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The Toronto District School Board (TDSB) has voted to end the controversial School Resource Officer Program, which placed armed officers.
The Toronto District School Board (TDSB) has voted to end the controversial School Resource Officer Program, which placed armed officers in 45 TDSB schools, after a review found that the arrangement criminalized predominantly racialized and undocumented students.
Trustees voted 18-3 during a meeting on November 22. The decision came after six weeks of community consultations.
More than 15,500 students, 1,062 staff and 475 parents in a number of selected schools also took part in a wide-ranging survey of the program. A majority, 57 per cent of students, surveyed reported that the presence of police at their school made them feel safer. However, some 2,000 students said that an SRO made them feel uncomfortable, intimidated or targeted.
TDSB director of education John Malloy noted that the review process wasnt about giving voice to the majority but to the experiences of those most negatively impacted by the program, those students who spoke their truth.
The SRO programs purported aim was to improve school safety and build community-police relations. But many community organizations have advocated for its removal since its inception in 2008, one year after the fatal shooting of Jordan Manners, 15, at C.W. Jefferys Collegiate Institute.
The question of whats next remains. NOW spoke with community organizers, who reflected on how the TDSB should move forward in its efforts to build a more inclusive school culture.
Derik Chica, coordinator of Educators for Peace and Justice, says the TDSB needs to re-examine its own relationship with police and look toward more positive practices of restorative and community-centred justice to support students.
Our education systems primary responsibility is to support our students in their learning through facilitating a safe, anti-oppressive and caring environment. We do not have a responsibility to maintain a positive working relationship with a justice system that makes our students feel unsafe. The police have a lot of work to do in their relationship with Black, Indigenous and racialized communities.
Naima Raza of the Toronto Youth Cabinet says the Toronto Police Service needs to confront the implicit biases in its policing practices.
We need to have a more broader, critical conversation about what safety means. The institution of policing has a deeply rooted issue of racism, and especially anti-Black racism. We can no longer depend on the police to ensure safety and to not exacerbate the school-to-prison pipeline for Black, Indigenous and racialized students.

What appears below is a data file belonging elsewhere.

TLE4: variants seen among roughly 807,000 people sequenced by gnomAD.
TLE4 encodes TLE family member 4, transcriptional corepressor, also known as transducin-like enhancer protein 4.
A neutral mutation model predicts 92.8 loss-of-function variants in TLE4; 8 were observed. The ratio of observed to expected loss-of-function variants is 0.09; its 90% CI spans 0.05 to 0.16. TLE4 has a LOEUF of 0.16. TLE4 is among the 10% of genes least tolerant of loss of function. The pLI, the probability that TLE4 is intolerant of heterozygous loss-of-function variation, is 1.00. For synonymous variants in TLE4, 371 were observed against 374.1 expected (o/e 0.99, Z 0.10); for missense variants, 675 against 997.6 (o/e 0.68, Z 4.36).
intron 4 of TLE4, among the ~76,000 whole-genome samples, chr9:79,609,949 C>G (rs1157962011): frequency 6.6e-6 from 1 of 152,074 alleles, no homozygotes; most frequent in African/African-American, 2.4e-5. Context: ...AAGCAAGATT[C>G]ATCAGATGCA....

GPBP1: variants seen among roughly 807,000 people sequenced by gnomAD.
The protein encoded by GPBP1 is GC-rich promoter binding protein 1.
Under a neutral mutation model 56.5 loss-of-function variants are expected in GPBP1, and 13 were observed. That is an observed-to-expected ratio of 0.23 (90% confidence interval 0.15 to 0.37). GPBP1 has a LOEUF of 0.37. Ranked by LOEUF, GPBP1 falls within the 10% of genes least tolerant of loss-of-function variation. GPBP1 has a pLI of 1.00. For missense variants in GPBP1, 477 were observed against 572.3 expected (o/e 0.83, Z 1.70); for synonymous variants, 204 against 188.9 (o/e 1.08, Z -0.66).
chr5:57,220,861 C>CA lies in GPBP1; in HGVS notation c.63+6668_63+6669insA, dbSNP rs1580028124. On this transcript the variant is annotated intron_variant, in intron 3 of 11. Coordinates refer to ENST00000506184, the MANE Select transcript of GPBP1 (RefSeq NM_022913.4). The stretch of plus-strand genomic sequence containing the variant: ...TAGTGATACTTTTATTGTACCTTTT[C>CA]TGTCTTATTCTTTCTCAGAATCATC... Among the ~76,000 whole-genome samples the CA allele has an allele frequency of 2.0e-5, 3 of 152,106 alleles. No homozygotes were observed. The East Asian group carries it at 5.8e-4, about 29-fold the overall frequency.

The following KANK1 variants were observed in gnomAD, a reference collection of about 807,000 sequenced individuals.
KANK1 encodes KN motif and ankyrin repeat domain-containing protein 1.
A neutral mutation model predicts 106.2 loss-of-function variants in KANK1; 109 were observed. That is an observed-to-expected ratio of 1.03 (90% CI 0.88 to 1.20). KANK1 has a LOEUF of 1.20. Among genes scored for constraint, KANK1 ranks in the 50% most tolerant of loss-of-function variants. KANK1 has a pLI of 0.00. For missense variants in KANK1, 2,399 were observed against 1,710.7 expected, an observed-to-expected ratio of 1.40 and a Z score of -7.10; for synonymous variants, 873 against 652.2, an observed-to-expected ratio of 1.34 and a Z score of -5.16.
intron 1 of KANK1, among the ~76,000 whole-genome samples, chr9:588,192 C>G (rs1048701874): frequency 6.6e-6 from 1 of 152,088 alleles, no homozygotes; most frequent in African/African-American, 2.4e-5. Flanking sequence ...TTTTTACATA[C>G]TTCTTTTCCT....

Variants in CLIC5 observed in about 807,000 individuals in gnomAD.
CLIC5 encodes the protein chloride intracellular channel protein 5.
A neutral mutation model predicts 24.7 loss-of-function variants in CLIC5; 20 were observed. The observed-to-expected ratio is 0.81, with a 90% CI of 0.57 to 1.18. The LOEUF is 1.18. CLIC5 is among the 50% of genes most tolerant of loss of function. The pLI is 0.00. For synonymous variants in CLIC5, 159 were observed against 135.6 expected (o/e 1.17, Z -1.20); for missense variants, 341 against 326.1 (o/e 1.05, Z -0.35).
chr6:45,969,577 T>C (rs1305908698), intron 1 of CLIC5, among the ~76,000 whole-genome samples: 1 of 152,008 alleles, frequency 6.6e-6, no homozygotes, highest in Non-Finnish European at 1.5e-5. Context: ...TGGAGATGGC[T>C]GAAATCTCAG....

She goes on to note that while the TDSB protects the undocumented students within its schools, the TPSs failure to observe the Sanctuary City policy should be challenged as it continues to leave Torontos undocumented students in fear of having to interact with the police.
Ravyn Wngz of Black Lives Matter Toronto says the TDSB should allow students more space to express their wants and needs.
School isnt a space where cops get to figure out how to be better to students. They should do that work in the police academy. Students have a goal to go to school, to get a great education, to feel safe and to go off and do amazing things.
Members of Education Not Incarceration, released a collective statement advocating investment in constructive supports for students, which means more caring adults with specialized training like child and youth workers and social workers.
The statement goes on to say that the presence of police officers in schools entrenches the school-to-prison pipeline and recommends that other school boards, including the Toronto Catholic District School Board, follow the TDSBs lead and suspend the program.
Malika Mendez, vice-president of the Urban Alliance on Race Relations, recommends more anti-racism training for school staff so that students from Black and racialized communities can realize and share their full potential, as well as the hiring of youth workers.
To quote Justice Roy McMurtry and [former MPP] Alvin Curling [in the 2008 report The Review Of The Roots Of Youth Violence], well-trained and properly paid youth workers can play critical roles in bridging youth, schools and communities.
Andrea Vasquez Jimenez, co-chair of the Latinx, Afro-Latin-America, Abya Yala Education Network, says the Ministry of Education needs to prioritize funding and education through an equity lens.
TDSB should definitely look at the resources and relationships it currently has, looking to community organizations and leveraging that knowledge and skill set. We also definitely need Indigenous knowledge keepers, parents and caregivers within the schools that have better relationships with students: caring adults that contribute to a healthier and caring space. We cant necessarily just treat this as a school board issue this is very much a provincial issue.
These interviews have been edited and condensed.
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